In the world of fantasy football, the words opportunity and talent are what you might call, “distant cousins” to each other. If a player is immensely talented, then he will see the football field sooner rather than later. There is just no way that a coach can contain a talented player for long, especially if he is playing behind a lackluster starter. Conversely, if a player that doesn’t check off all of the boxes in the talent and skills department but gets an opportunity to start and then proceeds to run away with the job and dominate, a coach has no choice but to play him as well, as he is getting the job done.
One player that I feel falls into both categories is Patriot’s third-year running back Damien Harris.
Harris was selected by the Patriots in the third round of the 2019 NFL Draft. He had a successful collegiate career at the University of Alabama, or what I like to refer to as the unofficial 33rd NFL team. He had back-to-back 1000+ yd. seasons in 2016 and 2017 and came up just shy of a 3rd in his senior season. He also played in 3 National Championship games and won 2. Not bad for a collegiate career. Then, after minimal playing time as a rookie, he saw the field more in 2020 and improved drastically, and recorded 691 yards on 137 carries, averaging a healthy 5.0 YPC. Now he enters his 3rd season as the apparent starter with the hype and talks of a potential breakout on the horizon.
I hate to be the guy to throw cold water on that projection… but I’m going to throw cold water on that projection.
One reason I’m not overly enthusiastic about a Harris breakout is the coach he plays for. Fantasy footballers worldwide know that relying on a Bill Belichick-coached Running back is a dangerous roll of the dice. It would not surprise me if Belichick has a raffle drawing to see which will lead his team in carries on any given week. You see, the Patriots are not a team that features one prominent rusher for the course of a season. They truly use an RBBC (Running back by committee). In the 21 years, Bill Belichick has served as the team’s head coach, only 5 players have run for 1000 or more yards:
Corey Dillon (2004) 1635 yards, 12 Touchdowns
Stevan Ridley (2012) 1263 yards, 12 Touchdowns
Legarrette Blount (2016) 1161 yards, 18 Touchdowns
Antowain Smith (2001) 1157 yards, 12 Touchdowns
BenJarvus Green Ellis (2010) 1008 yards, 13 Touchdowns
Now those appear as rather gaudy numbers, especially when you look in the touchdown department. However, when you look at the fact that only 5 players have eclipsed that mark in 20 years under Belichick’s watch, it gives me pause when looking at a guy like Harris. (Based on the numbers above though, if you do start as RB for the Patriots you may have plenty of opportunities at the goal line, which more than makes up for the lack of yards.) Nevertheless, Coach Belichick’s unpredictability with his backfield is just way too dicey for me to look at investing a high draft pick there. I mean, for crying out loud he has his own fantasy football-ism named after him (BELI-TRICKS) If that doesn’t tell you the story, I don’t know what does. Remember Jonas Gray in 2014? I sure do, because I had him for his one game where he was a star; He ran for 200 yards and scored 4 times against the Colts on a Primetime Sunday Night game. I won my matchup that week and I thought I had scored the biggest pickup of the year and he would lead me to a championship. Then, I never heard from him again after that game. I’m not even sure he got another carry that season. (And in case you were wondering, I missed the playoffs.)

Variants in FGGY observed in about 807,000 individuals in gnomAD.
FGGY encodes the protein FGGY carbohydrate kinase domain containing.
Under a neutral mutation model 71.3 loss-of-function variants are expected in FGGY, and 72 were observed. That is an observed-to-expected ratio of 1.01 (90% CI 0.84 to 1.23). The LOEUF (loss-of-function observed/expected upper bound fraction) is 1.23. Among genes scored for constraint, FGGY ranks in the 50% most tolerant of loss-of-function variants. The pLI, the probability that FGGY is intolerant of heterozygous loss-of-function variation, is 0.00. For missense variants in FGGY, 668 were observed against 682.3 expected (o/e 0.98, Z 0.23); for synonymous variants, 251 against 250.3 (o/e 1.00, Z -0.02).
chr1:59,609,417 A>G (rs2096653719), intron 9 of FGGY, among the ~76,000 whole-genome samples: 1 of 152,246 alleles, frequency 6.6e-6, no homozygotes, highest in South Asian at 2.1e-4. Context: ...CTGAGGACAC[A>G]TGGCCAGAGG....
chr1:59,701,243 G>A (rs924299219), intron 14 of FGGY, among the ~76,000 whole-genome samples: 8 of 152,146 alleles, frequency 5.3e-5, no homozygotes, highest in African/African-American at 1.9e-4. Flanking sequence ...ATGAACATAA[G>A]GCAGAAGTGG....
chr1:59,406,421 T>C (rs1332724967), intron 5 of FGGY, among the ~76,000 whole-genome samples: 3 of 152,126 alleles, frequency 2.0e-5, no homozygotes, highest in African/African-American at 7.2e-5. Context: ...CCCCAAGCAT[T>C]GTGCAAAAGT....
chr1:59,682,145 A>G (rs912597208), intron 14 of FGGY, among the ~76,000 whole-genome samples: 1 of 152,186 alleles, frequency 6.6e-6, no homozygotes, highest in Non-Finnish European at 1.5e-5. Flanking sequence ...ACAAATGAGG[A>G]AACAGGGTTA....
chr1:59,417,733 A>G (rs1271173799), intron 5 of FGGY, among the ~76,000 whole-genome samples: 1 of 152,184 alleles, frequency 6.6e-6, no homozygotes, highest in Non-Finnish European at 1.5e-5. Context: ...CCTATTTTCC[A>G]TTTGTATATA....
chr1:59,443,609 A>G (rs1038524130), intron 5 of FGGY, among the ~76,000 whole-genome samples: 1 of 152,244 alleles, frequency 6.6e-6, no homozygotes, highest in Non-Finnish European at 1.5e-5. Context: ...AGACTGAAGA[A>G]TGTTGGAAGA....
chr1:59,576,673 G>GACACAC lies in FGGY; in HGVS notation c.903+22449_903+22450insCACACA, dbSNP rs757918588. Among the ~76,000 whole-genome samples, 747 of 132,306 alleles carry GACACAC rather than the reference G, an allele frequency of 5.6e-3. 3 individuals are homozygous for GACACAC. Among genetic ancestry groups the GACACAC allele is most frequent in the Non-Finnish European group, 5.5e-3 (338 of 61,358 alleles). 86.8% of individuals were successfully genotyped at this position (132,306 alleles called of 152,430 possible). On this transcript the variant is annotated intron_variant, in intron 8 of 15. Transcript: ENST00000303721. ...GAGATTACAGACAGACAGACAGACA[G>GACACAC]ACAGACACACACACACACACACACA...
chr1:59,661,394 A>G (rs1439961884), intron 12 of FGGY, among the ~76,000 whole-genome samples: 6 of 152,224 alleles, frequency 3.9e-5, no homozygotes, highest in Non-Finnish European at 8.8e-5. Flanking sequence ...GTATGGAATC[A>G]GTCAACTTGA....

Then, Harris will have to share carries in the backfield. Sony Michel will be returning and though he battled injuries throughout the season and even dealt with a bout of COVID-19, he did record 449 yards on 79 carries, which is an excellent 5.7 YPC average. Michel’s future with the team is uncertain though, as they declined his option and will make him a free agent after the season. Even though Rex Burkhead is gone, James White is still there and holds a valuable spot in that offense as the 3rd down back and receiving specialist. This is key as Harris, talented he may be, is not a receiving threat. The team also drafted bulldozing Running back Rhamondre Stevenson who is currently on the NFI List but could factor into the carry rotation as the season wears on.
The Patriot’s running back situation has been one that has been unreliable more than fantasy footballers would like for a long time now. It’s one that I have almost no faith in because Bill Belichick is one of those coaches who operates under the “situational football” and “do what’s best for the team” mantra. In that situation, that means sitting down with a guy who had a career game or who is on a roll, he will not hesitate to do so. Now, Harris will have value because he will be likely open the season as a starter. His talent will also probably lead him to have a handful of 100-yard rushing games or close to it. But if you are looking for him to be a dominant, lead back that will light up the scoreboard and be a championship catalyst on your fantasy team… Nah. If you invest in him before Round 7 as anything more than a mid-level RB2, my money will be on you being disappointed. The only saving grace might be a goal-line preference towards him, but even that could be a gamble as the team still has goal-line vulture Cam Newton.
2020 FINAL STATS: 137 carries, 691 yards, 2 Touchdowns; 5 receptions 52 yards
2021 PROJECTIONS: 150-200 carries, 850-950 yards, 7-9 Touchdowns; 20-25 receptions, 100-200 yards, 1 Touchdown